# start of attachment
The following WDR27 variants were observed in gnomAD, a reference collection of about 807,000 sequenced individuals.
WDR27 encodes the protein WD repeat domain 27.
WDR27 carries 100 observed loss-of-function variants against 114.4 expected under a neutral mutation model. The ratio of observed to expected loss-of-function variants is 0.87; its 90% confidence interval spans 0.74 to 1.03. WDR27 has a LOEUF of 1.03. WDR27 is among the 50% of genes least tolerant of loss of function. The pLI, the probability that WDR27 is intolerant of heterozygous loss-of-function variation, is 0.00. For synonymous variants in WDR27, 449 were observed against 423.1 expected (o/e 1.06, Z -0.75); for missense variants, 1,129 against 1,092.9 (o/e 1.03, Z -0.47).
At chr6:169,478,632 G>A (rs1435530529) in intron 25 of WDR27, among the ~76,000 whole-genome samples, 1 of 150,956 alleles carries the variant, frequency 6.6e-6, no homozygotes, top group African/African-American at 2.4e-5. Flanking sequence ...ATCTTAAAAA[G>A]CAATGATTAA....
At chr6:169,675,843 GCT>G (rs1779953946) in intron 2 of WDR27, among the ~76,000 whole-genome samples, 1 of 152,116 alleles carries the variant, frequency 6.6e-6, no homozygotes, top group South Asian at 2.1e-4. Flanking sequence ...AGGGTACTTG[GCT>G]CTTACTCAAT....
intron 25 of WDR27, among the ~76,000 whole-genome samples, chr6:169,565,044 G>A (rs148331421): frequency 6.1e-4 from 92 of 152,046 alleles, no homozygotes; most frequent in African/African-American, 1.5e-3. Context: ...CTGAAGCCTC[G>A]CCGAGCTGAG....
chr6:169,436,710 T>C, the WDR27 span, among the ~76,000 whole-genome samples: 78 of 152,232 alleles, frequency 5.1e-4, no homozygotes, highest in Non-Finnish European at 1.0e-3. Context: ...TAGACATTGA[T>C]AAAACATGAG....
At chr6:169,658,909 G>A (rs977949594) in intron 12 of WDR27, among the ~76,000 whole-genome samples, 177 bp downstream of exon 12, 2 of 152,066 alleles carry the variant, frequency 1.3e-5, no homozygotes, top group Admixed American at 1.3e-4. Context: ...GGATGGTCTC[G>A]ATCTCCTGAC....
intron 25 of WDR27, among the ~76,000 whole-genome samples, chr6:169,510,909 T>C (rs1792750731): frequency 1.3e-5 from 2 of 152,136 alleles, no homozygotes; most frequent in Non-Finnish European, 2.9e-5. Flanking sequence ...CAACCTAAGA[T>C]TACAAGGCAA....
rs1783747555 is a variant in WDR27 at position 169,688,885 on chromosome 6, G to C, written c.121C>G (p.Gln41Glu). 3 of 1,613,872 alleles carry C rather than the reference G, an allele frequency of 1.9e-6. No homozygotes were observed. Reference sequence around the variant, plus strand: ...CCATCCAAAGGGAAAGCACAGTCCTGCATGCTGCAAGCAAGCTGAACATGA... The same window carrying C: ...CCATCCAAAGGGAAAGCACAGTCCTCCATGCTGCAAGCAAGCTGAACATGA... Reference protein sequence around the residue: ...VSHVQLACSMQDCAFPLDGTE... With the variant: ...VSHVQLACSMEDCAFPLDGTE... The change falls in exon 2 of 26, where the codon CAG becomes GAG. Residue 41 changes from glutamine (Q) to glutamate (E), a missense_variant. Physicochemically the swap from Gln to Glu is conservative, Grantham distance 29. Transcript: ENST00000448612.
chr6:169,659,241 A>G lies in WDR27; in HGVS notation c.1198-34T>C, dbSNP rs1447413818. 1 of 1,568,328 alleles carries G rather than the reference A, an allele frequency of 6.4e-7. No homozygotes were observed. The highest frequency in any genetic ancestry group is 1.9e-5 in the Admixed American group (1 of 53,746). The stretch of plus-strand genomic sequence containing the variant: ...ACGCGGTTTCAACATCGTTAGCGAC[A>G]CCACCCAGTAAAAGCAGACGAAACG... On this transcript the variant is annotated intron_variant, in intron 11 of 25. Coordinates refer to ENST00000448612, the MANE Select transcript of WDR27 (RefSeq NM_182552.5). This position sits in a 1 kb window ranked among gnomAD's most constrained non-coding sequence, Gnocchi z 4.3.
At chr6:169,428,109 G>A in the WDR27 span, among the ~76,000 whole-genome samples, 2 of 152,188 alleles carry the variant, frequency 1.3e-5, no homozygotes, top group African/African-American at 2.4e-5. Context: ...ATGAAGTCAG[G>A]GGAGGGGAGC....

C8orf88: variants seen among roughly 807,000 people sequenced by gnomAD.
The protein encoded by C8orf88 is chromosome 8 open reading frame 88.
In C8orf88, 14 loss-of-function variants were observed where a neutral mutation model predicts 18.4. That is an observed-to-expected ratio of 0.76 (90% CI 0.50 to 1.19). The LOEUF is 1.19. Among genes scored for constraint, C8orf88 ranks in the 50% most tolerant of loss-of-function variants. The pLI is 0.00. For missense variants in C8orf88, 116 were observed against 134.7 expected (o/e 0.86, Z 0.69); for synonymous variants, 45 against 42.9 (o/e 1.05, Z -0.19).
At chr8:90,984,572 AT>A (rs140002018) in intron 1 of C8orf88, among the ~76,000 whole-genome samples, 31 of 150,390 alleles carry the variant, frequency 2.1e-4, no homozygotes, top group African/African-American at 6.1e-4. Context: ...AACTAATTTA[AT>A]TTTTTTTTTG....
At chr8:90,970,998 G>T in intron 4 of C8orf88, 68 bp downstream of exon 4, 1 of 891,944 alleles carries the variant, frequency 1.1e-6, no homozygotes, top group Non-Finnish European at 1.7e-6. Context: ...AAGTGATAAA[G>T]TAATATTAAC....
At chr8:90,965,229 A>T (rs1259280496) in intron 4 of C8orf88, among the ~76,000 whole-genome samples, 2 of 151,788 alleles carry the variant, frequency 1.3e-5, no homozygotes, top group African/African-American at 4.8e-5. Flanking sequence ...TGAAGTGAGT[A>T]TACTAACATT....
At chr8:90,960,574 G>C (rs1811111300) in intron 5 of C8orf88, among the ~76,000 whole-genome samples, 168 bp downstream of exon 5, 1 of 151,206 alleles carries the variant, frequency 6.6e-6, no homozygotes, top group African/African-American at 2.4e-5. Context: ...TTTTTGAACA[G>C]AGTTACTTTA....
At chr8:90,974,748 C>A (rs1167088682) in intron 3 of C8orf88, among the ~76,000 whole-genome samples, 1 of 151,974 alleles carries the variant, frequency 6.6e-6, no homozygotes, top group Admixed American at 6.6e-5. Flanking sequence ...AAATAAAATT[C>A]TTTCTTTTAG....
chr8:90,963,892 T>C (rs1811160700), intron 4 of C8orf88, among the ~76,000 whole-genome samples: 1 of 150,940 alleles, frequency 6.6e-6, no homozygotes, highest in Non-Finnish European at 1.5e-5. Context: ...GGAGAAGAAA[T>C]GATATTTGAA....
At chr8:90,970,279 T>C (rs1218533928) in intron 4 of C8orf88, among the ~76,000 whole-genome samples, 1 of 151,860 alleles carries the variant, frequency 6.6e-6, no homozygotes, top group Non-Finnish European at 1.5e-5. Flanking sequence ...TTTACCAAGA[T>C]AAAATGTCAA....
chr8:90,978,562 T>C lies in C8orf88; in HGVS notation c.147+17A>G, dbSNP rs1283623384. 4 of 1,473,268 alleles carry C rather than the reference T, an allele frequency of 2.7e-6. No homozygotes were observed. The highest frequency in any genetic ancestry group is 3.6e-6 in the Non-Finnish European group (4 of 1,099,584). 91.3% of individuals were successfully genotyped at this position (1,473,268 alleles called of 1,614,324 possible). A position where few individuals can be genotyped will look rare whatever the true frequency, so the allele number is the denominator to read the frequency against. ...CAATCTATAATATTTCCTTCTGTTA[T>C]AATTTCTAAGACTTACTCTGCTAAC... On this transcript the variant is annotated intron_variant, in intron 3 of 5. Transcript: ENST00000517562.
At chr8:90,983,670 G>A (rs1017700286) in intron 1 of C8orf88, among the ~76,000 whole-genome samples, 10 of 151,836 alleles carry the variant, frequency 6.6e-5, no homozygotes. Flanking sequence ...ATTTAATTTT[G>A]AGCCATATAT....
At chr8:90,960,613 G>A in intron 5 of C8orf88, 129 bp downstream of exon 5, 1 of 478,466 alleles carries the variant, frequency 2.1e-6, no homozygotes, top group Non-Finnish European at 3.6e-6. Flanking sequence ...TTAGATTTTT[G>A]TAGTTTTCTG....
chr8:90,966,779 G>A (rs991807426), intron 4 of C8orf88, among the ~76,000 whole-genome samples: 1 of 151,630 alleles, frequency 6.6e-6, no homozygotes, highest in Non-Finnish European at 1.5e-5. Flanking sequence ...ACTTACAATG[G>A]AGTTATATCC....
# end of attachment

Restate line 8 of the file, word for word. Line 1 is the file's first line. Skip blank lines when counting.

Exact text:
At chr6:169,658,909 G>A (rs977949594) in intron 12 of WDR27, among the ~76,000 whole-genome samples, 177 bp downstream of exon 12, 2 of 152,066 alleles carry the variant, frequency 1.3e-5, no homozygotes, top group Admixed American at 1.3e-4. Context: ...GGATGGTCTC[G>A]ATCTCCTGAC....